Kim gives an example of someone who has problems with alcohol. The alcohol is a coping strategy; if you take it away, the individual may suffer from a variety of nervous system issues, including increased heart rate, hormone or blood pressure fluctuations, inability to cope or difficulty maintaining relationships due to the signals that are sent to the brain from the body, which creates a flight, fight or freeze response. “They may experience elevated heart rate akin to running on a treadmill,” Kim says, “and sitting in AA meetings every day will only help them so much. We’ll work with patients to help them shift their physiology out of trauma or high stress. We teach folks about the sensations in the body and how, through self-awareness and self-regulation, we can bring the body into better balance. For example, we might ask a client to talk about a time when they felt most like themselves. In bringing up this memory, the felt sense of the body might have pleasurable sensations and body memories and [cause] their pulse rate to go down. The goal is to achieve that optimal, low-stress physiology on their own, so they won’t have the urge to medicate.” The therapists at NCCR also address the body holistically by working with other providers in the community and addressing changes to diet, nutrition and lifestyle – all of which can impact mental health.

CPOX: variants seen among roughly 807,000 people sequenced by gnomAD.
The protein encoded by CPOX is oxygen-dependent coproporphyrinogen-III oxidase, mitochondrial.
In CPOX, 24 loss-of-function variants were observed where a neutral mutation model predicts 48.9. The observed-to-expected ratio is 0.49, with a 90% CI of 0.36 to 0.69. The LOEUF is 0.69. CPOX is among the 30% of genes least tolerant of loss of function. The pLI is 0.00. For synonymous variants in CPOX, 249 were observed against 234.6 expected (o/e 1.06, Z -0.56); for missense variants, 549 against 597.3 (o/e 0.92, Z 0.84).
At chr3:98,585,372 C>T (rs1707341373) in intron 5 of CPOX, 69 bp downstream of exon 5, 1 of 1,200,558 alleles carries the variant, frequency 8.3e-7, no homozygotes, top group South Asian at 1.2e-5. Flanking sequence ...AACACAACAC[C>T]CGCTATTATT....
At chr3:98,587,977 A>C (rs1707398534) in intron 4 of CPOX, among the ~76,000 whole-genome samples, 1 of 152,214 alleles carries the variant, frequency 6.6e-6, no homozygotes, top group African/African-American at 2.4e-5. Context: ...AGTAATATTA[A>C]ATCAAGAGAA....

NC Center for Resiliency
The striped teepee offers a space for anyone in the family who’s feeling overwhelmed to focus and feel calm again.

Kim and Patrick opened the center because they saw a need. Each had their own somatic psychotherapy practices, but they were full. They also were approached by therapists who wanted to train with them. Starting the center was a way to combine their practices and educate others. Their practice has since grown to 12 therapists who work with 300 to 350 clients a week. Individuals may be grappling with problems like eating disorders, addiction, chronic pain and autoimmune diseases, while families seek help with parent-child struggles, among other issues.